The second point is to understand what these Brexiters want. They want our country to become a deregulated tax-haven. They do not care about the union of the United Kingdom; indeed, they think that Northern Ireland has been nothing but a constant and expensive irritation for decades, and Scotland is not material to their interests - England has 85% of the UK population and massively the major part of its economy (UK GDP is $2.6 trillion, Scotland is $252 billion, nearly ten times smaller). If Brexit means the break-up of the union they are not concerned.

So the hard Brexiters are in a hurry, and they do not care how we leave the EU just so long as it happens without an Irish backstop or any other lingering commitments. They will not themselves suffer any of the consequences that a huge and long-term no deal hit to the economy will cause. (Jacob Rees-Mogg, remember, has already moved his profitable hedge fund business to Ireland to keep it in the EU). They need to throw dust in everyone's eyes, they need haste and confusion, they need noise, to cover up the last stages of the heist they are engaged in. That dust, that noise, that confusion, both is and is provided by Boris Johnson.

Note a very significant fact about the similarity between Johnson and Donald Trump, both of them useful front-men for right-wing projects. They are performers, showmen; they are full of rhetoric and bluster; they say outrageous things, and make incredible promises and claims; they do not care how they sound to amazed rational thinking-thinking people, because these latter are not the people they are speaking to, and anyway are a minority. They are putting on a show for the 'base', the hardline supporters, who don't pay much attention to the detail of what is said but they love the sound ofhow it is said. This is the Steve Bannon Playbook for the Age of Populism. Say anything, only say it loudly and arrogantly; strut and gesture; Mussolini is the model. Talk fast, keep talking. Distract. Keep up a smoke-screen.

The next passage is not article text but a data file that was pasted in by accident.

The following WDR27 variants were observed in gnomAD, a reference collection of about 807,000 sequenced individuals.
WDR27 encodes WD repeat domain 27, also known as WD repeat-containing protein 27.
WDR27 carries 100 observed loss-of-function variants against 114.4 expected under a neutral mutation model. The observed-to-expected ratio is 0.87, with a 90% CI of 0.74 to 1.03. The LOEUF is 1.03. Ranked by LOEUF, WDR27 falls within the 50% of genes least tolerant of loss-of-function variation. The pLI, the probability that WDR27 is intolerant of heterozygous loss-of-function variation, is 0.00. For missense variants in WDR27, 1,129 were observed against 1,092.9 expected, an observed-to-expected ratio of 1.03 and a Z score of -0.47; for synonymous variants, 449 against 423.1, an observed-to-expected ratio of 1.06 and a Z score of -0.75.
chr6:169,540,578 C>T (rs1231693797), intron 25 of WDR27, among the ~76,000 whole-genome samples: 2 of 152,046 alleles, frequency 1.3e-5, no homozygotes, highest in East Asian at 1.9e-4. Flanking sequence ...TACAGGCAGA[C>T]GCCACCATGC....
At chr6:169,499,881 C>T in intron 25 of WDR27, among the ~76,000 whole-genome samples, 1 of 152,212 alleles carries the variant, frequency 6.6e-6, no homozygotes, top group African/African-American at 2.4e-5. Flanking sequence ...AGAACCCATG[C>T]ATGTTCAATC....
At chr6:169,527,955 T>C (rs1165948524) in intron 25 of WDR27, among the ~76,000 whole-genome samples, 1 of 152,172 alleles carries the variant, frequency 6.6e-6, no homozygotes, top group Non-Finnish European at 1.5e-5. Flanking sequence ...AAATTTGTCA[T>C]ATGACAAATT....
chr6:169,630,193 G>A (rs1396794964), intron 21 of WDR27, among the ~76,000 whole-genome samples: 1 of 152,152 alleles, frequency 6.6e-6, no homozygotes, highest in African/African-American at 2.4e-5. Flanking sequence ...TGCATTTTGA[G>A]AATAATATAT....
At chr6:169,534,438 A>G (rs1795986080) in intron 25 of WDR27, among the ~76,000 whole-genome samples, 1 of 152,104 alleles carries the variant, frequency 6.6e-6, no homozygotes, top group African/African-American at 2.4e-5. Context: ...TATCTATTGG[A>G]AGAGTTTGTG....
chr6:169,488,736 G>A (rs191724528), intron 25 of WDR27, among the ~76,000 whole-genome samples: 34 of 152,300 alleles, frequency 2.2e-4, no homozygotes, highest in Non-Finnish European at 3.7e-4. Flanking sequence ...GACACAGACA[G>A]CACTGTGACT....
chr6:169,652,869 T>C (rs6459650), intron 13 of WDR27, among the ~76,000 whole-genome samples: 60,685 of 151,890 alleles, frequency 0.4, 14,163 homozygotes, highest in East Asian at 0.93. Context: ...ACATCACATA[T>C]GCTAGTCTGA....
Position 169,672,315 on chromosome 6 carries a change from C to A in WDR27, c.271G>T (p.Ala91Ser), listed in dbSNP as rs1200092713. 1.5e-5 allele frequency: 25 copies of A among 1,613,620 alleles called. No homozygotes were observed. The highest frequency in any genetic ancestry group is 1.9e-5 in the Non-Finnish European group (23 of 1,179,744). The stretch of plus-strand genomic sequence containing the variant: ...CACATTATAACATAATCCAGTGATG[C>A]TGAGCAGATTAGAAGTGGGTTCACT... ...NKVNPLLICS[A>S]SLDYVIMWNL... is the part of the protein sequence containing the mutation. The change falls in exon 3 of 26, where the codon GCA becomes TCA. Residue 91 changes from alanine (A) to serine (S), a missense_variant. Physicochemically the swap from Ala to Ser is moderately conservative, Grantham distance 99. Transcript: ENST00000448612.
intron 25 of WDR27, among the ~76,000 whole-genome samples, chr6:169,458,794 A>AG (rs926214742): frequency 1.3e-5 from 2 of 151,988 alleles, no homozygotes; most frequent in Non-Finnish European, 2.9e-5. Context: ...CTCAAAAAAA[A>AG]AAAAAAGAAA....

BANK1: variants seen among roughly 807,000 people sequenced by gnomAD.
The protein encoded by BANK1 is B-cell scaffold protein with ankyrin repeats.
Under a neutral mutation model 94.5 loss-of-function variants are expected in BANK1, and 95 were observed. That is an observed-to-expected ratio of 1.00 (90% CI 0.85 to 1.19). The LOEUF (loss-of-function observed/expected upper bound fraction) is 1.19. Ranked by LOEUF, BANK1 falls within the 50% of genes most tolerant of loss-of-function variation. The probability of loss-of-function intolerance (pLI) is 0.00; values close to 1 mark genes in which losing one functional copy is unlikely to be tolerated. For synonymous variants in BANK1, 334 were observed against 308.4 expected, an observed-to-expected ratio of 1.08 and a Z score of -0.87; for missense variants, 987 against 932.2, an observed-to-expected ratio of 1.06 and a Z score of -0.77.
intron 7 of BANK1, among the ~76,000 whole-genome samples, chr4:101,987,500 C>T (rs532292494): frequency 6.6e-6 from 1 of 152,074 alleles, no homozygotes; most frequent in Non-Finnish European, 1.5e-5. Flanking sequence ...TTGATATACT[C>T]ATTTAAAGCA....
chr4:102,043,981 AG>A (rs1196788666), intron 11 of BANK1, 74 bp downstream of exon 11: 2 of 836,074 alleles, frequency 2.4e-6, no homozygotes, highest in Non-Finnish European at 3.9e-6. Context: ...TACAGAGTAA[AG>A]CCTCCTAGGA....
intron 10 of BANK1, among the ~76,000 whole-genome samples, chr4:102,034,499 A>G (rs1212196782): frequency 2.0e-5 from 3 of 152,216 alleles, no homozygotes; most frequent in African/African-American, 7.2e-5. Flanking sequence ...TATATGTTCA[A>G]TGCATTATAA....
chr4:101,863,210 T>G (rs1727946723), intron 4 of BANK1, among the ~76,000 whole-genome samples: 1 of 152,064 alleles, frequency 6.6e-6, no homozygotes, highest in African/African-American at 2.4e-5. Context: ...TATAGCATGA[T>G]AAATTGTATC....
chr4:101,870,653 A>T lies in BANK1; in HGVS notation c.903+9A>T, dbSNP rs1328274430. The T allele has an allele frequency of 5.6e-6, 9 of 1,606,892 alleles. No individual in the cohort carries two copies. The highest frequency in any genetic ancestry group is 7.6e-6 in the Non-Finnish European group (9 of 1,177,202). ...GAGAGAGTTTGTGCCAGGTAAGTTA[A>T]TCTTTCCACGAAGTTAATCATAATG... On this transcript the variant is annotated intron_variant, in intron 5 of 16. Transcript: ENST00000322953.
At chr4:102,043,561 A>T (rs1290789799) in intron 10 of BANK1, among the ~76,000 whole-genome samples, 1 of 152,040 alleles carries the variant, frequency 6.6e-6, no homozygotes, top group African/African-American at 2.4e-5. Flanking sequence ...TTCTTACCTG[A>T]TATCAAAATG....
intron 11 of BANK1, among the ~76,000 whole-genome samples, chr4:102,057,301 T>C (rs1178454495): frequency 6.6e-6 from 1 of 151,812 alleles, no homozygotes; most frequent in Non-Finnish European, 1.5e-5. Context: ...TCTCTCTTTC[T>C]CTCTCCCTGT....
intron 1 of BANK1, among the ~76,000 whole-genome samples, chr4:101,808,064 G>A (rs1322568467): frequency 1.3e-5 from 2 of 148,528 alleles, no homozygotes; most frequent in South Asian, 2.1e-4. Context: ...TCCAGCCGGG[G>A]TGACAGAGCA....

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You have only to pay attention to Johnson's rhetorical style to see this. He is better at it than Trump because Trump does not have his intelligence. Watch Johnson speak: he hardly ever pauses at the end of a sentence but rushes immediately into the next sentence, often changing the subject as he does so. His pauses occur in the middle of sentences while his auditors are waiting to see what the sentence says. Hurrying from one point to a different one is an example of the distraction technique, the 'dead cat drop'.

An important difference between Trump and Johnson is that Trump actually believes his rhetoric. Johnson does not. He is an opportunist merely. They both bloviate and bluster, but whereas Trump is taken in by what he hears coming out of his own mouth, Johnson is only intent on fooling everyone else.

The distraction provided by Johnson allows the far-right hard Brexit clique to implement their programme. What is it? Here we need to pause again. The smoke and dust being thrown up by Johnson has the commentators guessing about what their Brexit plan can be. The EU has already rejected the Brexiter rhetoric and detail-free assertions about getting a different deal from the EU with no Irish backstop provision - which latter means: no arrangements to protect the interests of people on the island of Ireland, until recently torn by civil war, violence, murder and misery, all waiting to explode again. Parliament has repeatedly refused to accept a no deal exit, and the majority amongst MPs against doing so has almost certainly risen since Johnson became prime minister. Is 'Johnson' (now using 'Johnson' in 'scare-quotes' to denote the clique for which he is the front man) aiming for a general election after both the EU and Parliament have 'frustrated the will of the people'?

You might think that with a cabinet packed with the hardest of hard Brexiters, and with Downing Street now housing the Leave campaign team that was found guilty of electoral crimes, some clever ruse is being plotted. But the poor records of those cabinet members, and the dodgy nature of the Leave campaign team, does not quite add up to their being a group of evil genius Dr No and Svengali-like Machiavellians. Whereas it is by no means unlikely that a general election bouncing off the 'frustration of the will of the people' is the aim, it is equally likely that the hard-right Brexiters, in their desperation to get Brexit done, are in fact just pushing the accelerator to the floor and hoping to crash through the gates. The gates consist of parliament's opposition to no deal. To smash through those gates the hard Brexiters need some trick, some way of subverting the parliamentary process. That is what the would-be-Svengalis of Downing Street might be hoping to achieve - and only then following with a general election.